Wednesday, August 3, 2022

Is the Recession Already Over?

 Financial FAQs

Calculated Risk

I was a bit facetious last week when I said calling a recession at this time because we may have two consecutive quarters of negative GDP growth is almost irrelevant, because it may be over as quickly as the artificially induced two-month recession in April-May 2020, when the pandemic was building a head of steam.

But another indicator, the JOLTS report that measures the number of job openings (black line in graph) decreased to 10.7 million on the last business day of June, the U.S. Bureau of Labor Statistics reported today. The slight decline in openings was too small to be conclusive of an extended downturn

Hires and total separations were little changed at 6.4 million and 5.9 million, respectively. Within separations, quits (4.2 million) and layoffs and discharges (1.3 million) were little changed.

The number of job opening didn’t rise above the longer term normal of 6-7 million openings until January 2017, per the Calculated Risk graph. That is when economic growth began to take off, and it rose sharply to its current nosebleed range of 11 million openings after the two-month 2020 recession.

The number of hires (blue line) and Layoffs (red bar) leveled off and began to taper in January 2022 per the graph, so then began a slight downturn in job formation that could predict looming negative GDP growth.

What better proxy for the beginning of a recession than the slowing of job growth? I also mentioned last week that consumer confidence was another good proxy, which is still in decline.

We will know more this Friday with release of the government’s July unemployment report. The rate has been below 4 percent since last December.

But we have now the just released ISM non-manufacturing survey of supply managers beginning to rise again. The ISM barometer of business conditions at companies such as restaurants and hotels that employ most workers rose to a three-month high of 56.7 percent in July, suggesting the economy is beginning to expand again in the face of growing headwinds.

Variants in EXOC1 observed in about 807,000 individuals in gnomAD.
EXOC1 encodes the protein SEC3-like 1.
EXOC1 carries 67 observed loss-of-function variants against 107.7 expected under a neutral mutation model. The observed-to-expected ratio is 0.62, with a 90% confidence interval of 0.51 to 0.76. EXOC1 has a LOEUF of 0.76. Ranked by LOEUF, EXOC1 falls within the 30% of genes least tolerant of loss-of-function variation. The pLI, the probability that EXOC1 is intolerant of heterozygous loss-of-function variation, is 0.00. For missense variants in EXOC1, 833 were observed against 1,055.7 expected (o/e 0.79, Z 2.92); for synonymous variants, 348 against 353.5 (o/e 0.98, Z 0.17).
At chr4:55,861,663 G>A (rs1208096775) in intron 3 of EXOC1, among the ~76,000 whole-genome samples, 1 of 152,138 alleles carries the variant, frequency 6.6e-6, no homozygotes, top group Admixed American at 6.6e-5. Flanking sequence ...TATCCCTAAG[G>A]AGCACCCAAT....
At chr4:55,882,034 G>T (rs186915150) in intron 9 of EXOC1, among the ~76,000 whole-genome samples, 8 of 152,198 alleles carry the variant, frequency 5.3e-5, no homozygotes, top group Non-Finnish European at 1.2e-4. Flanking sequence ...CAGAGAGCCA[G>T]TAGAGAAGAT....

“According to the Services PMI®, 13 industries reported growth,” reported Anthony Nieves, Chair of the Institute for Supply Management® (ISM®) Services Business Survey Committee. “The composite index indicated growth for the 26th consecutive month after a two-month contraction in April and May 2020. Growth continues — at a faster rate — for the services sector, which has expanded for all but two of the last 150 months. The slight increase in services sector growth was due to an increase in business activity and new orders.”

Orders and production rose, hiring improved and intense inflationary pressures eased somewhat last month, business executives told the Institute for Supply Management.

Even U.S. factory orders rose 2 percent in June, the government said Wednesday, in a report that offered some good news .Orders for durable goods made to last at least three years climbed a revised 2 percent in June, up from an initial 1.9 percent. Most of the increase was in autos and military planes. Orders for nondurable goods such as clothing and food products also rose 2 percent. Orders for nondefense capital goods, excluding aircraft rose a revised 0.7 percent, up from the prior reading of a 0.5 percent gain. Manufacturers are growing more slowly as the economy decelerates, but they are still growing.

This means we could already have reached a ‘trough’ in growth, or the bottom of the down cycle. And that confuses things even further! Stay tuned for Friday’s unemployment report to know more.

Harlan Green © 2022

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